“The light of the Itza” Multimedia Presentation
The project aims to provide the viewer with a memorable experience through conceptual, artistic, and technological integration.
In Edzná, the buildings appear to exude light and act in synergy with the narrative and the dances of the shadows and lights, thus exalting people’s senses. The access to the archaeological site had an important transformation in its route creating quite an experience for the visitor. This transformation consists in the deviation of the path; nowadays it makes for a better understanding of the space since at the end of the tour we are greeted by the remarkable 5-story building that preserves the architectural crowning of its majestic cresting: seven rays of sunlight filter through it, a number that represents a blessing in the cosmovision of the Mayan culture.
The presentation involves the viewer from the moment he/she walks along the access path across the Mayan jungle through a multisensory experience that consists of different resources: 1.- Enjoying a walk during the night in a jungle with little lighting.
2.- Sounds coming from real animals, birds, crickets, cicadas, tecolotes (owls) that have a special meaning among the Mesoamerican cultures, and the roar of a Balam (jaguar in Mayan), which makes them group together and continue the trail in expectation while they listen to the Mayan language.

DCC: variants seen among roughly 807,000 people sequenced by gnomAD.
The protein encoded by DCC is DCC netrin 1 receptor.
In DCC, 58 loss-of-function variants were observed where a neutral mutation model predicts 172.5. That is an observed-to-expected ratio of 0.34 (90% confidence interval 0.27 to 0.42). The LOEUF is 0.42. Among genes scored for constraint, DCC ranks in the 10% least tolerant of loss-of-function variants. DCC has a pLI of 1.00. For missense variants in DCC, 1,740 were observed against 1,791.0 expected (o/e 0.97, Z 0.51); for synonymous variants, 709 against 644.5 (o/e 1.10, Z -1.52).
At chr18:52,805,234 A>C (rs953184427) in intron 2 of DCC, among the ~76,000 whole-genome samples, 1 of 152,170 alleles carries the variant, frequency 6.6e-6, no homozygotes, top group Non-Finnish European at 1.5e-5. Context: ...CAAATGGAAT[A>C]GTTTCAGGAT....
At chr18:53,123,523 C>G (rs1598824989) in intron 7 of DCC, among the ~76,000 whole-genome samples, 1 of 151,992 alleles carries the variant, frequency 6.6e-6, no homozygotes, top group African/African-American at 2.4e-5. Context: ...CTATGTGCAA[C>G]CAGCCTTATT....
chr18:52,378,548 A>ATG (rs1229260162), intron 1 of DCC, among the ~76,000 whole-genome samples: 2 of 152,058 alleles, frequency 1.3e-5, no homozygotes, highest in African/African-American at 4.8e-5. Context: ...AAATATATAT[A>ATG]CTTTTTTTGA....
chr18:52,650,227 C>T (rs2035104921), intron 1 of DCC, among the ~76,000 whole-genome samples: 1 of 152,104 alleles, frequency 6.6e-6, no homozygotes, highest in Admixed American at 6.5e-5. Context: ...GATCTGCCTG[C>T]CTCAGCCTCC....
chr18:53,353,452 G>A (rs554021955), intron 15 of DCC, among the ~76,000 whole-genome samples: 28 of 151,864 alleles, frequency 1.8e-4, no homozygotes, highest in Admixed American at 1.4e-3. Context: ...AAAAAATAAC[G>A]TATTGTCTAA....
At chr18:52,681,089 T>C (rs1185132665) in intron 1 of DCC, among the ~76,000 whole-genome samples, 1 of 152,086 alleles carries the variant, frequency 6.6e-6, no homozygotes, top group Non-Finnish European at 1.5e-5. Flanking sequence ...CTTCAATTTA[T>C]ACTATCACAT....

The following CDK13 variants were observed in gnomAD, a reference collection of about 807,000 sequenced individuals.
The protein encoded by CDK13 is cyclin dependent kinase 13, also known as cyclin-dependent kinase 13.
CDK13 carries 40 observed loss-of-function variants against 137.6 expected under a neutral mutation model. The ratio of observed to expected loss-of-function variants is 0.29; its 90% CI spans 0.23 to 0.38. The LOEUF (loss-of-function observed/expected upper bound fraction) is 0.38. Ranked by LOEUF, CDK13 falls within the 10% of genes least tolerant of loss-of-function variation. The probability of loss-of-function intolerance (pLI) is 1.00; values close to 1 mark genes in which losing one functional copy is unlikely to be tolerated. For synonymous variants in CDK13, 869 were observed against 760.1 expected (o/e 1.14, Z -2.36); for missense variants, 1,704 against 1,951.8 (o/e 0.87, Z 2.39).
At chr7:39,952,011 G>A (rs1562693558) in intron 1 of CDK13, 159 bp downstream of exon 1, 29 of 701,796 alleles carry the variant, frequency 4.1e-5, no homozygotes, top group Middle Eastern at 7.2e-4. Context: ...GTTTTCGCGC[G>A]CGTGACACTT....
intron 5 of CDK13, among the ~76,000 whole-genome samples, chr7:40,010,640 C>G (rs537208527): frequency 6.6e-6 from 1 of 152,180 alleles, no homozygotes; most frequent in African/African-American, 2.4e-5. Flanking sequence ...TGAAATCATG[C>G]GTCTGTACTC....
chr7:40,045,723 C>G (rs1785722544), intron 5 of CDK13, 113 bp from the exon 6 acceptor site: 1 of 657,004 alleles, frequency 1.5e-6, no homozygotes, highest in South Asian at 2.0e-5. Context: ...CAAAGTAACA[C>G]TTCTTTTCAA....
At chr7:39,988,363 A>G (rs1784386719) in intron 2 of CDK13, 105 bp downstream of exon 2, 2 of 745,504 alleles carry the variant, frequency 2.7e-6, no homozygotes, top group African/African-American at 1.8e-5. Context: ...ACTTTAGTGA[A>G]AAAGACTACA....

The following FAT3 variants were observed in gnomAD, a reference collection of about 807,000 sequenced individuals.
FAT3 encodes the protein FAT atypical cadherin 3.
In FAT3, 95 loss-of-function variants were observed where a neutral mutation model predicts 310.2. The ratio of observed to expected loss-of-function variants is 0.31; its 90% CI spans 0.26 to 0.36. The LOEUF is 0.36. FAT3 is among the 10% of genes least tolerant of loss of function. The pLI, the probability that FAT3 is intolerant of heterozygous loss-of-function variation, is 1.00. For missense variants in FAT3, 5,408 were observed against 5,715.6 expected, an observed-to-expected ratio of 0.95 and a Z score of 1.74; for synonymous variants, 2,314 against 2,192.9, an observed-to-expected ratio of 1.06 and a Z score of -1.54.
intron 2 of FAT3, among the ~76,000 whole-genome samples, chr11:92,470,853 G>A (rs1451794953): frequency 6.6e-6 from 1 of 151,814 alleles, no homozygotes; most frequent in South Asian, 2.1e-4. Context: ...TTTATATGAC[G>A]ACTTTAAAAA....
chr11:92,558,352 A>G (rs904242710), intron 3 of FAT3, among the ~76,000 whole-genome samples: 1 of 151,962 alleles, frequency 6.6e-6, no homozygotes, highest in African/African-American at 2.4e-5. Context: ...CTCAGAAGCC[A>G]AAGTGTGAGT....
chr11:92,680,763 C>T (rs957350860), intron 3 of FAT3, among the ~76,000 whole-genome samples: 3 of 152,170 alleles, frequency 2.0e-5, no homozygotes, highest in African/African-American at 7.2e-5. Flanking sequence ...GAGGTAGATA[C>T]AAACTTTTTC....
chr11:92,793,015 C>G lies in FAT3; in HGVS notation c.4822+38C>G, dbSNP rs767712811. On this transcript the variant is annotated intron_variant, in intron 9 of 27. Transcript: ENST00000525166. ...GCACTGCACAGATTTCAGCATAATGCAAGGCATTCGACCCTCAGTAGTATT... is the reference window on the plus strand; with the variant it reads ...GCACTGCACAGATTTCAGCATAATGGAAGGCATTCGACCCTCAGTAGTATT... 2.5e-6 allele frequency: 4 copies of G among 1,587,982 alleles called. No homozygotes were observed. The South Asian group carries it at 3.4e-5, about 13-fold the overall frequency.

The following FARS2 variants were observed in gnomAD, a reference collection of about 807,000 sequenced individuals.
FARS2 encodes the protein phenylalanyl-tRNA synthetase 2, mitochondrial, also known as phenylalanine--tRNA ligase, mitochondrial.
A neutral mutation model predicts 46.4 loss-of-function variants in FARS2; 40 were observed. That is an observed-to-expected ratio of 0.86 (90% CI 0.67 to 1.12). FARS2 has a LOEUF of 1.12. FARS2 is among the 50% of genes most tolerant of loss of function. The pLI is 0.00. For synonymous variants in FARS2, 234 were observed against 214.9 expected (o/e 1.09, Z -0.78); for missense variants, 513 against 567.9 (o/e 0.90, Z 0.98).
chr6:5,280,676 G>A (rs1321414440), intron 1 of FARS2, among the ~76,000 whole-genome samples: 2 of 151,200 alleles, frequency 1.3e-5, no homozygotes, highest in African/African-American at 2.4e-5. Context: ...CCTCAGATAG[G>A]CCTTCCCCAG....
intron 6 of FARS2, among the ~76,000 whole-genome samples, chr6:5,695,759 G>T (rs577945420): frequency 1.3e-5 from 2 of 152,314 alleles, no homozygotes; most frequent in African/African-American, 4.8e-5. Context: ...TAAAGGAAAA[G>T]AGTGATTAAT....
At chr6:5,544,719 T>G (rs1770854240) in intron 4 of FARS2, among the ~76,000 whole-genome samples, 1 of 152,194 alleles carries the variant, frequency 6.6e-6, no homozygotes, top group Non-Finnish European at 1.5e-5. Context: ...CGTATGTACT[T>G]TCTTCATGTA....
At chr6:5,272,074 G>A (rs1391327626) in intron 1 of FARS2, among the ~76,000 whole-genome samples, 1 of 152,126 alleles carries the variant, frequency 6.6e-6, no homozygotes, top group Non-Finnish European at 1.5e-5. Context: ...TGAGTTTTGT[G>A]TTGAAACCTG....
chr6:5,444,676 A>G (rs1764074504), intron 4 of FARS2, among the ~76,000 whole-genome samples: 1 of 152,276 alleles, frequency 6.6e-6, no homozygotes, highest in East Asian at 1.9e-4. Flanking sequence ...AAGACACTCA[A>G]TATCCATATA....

3.- They perceive the smell of copal, incense used by the Mayas during their religious ceremonies, and begin to imagine that something is about to happen. During the tour they perceive different changes of textures on the floor so all five senses send information to the visitor’s mind, making him/her receptive.
During the presentation, the buildings and foundations of the Edzná archaeological complex change color to match the narration and music through the computer-assisted programming, giving the site a new life after 2,550 years, as Edzná dates back to 600 B.C.
An important scene is the re-emergence of “Kinich Ahau”, the solar deity of the Maya, recreated by a concentrated beam emerging from the background with 1200 Watt and 6000 Kelvin projectors that burst into the night sky filtering through the ridge of the 5-story building.
The relevance of the project required the participation and teamwork of archaeologists, anthropologists, historians, architects, artists and engineers, as well as the use of state-of- the-art technology, such as HB LEDs lighting fixtures, which do not emit ultraviolet or infrared rays, so that they do not affect the Mayan buildings.